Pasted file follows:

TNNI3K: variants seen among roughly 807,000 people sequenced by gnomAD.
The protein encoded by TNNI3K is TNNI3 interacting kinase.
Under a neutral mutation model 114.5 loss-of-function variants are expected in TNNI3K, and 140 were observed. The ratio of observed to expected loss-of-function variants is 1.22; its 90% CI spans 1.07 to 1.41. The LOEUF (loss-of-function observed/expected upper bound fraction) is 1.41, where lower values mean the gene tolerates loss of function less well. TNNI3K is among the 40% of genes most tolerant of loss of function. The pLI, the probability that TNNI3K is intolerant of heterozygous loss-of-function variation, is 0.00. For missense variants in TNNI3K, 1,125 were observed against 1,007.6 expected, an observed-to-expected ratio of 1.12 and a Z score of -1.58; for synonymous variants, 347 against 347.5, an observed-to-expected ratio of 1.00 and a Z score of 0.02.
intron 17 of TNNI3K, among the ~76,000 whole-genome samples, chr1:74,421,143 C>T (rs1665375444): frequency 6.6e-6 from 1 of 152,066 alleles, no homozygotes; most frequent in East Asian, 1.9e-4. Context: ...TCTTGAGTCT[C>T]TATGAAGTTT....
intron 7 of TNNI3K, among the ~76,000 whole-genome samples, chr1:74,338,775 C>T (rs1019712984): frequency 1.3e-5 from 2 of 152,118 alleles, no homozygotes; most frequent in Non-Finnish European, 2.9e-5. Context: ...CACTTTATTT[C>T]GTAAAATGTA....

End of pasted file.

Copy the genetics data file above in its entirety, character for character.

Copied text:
TNNI3K: variants seen among roughly 807,000 people sequenced by gnomAD.
The protein encoded by TNNI3K is TNNI3 interacting kinase.
Under a neutral mutation model 114.5 loss-of-function variants are expected in TNNI3K, and 140 were observed. The ratio of observed to expected loss-of-function variants is 1.22; its 90% CI spans 1.07 to 1.41. The LOEUF (loss-of-function observed/expected upper bound fraction) is 1.41, where lower values mean the gene tolerates loss of function less well. TNNI3K is among the 40% of genes most tolerant of loss of function. The pLI, the probability that TNNI3K is intolerant of heterozygous loss-of-function variation, is 0.00. For missense variants in TNNI3K, 1,125 were observed against 1,007.6 expected, an observed-to-expected ratio of 1.12 and a Z score of -1.58; for synonymous variants, 347 against 347.5, an observed-to-expected ratio of 1.00 and a Z score of 0.02.
intron 17 of TNNI3K, among the ~76,000 whole-genome samples, chr1:74,421,143 C>T (rs1665375444): frequency 6.6e-6 from 1 of 152,066 alleles, no homozygotes; most frequent in East Asian, 1.9e-4. Context: ...TCTTGAGTCT[C>T]TATGAAGTTT....
intron 7 of TNNI3K, among the ~76,000 whole-genome samples, chr1:74,338,775 C>T (rs1019712984): frequency 1.3e-5 from 2 of 152,118 alleles, no homozygotes; most frequent in Non-Finnish European, 2.9e-5. Context: ...CACTTTATTT[C>T]GTAAAATGTA....